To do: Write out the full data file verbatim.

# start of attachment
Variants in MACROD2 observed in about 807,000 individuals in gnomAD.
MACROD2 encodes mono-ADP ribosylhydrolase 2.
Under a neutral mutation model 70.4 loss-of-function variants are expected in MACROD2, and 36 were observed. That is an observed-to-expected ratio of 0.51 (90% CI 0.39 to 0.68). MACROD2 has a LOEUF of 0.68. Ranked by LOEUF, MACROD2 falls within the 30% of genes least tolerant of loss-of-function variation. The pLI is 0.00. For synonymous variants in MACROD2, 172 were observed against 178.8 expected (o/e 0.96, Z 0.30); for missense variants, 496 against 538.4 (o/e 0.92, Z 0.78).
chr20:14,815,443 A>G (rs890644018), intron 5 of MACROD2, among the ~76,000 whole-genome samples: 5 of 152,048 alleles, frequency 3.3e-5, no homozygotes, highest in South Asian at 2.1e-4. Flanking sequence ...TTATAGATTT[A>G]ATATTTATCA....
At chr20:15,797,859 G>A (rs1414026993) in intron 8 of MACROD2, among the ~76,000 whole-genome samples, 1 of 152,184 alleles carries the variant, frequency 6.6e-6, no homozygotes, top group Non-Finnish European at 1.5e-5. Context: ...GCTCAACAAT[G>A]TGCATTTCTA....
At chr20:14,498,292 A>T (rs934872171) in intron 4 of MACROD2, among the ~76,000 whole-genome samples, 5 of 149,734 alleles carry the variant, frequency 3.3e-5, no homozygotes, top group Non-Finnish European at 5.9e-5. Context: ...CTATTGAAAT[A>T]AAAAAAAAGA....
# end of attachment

Variants in MACROD2 observed in about 807,000 individuals in gnomAD.
MACROD2 encodes mono-ADP ribosylhydrolase 2.
Under a neutral mutation model 70.4 loss-of-function variants are expected in MACROD2, and 36 were observed. That is an observed-to-expected ratio of 0.51 (90% CI 0.39 to 0.68). MACROD2 has a LOEUF of 0.68. Ranked by LOEUF, MACROD2 falls within the 30% of genes least tolerant of loss-of-function variation. The pLI is 0.00. For synonymous variants in MACROD2, 172 were observed against 178.8 expected (o/e 0.96, Z 0.30); for missense variants, 496 against 538.4 (o/e 0.92, Z 0.78).
chr20:14,815,443 A>G (rs890644018), intron 5 of MACROD2, among the ~76,000 whole-genome samples: 5 of 152,048 alleles, frequency 3.3e-5, no homozygotes, highest in South Asian at 2.1e-4. Flanking sequence ...TTATAGATTT[A>G]ATATTTATCA....
At chr20:15,797,859 G>A (rs1414026993) in intron 8 of MACROD2, among the ~76,000 whole-genome samples, 1 of 152,184 alleles carries the variant, frequency 6.6e-6, no homozygotes, top group Non-Finnish European at 1.5e-5. Context: ...GCTCAACAAT[G>A]TGCATTTCTA....
At chr20:14,498,292 A>T (rs934872171) in intron 4 of MACROD2, among the ~76,000 whole-genome samples, 5 of 149,734 alleles carry the variant, frequency 3.3e-5, no homozygotes, top group Non-Finnish European at 5.9e-5. Context: ...CTATTGAAAT[A>T]AAAAAAAAGA....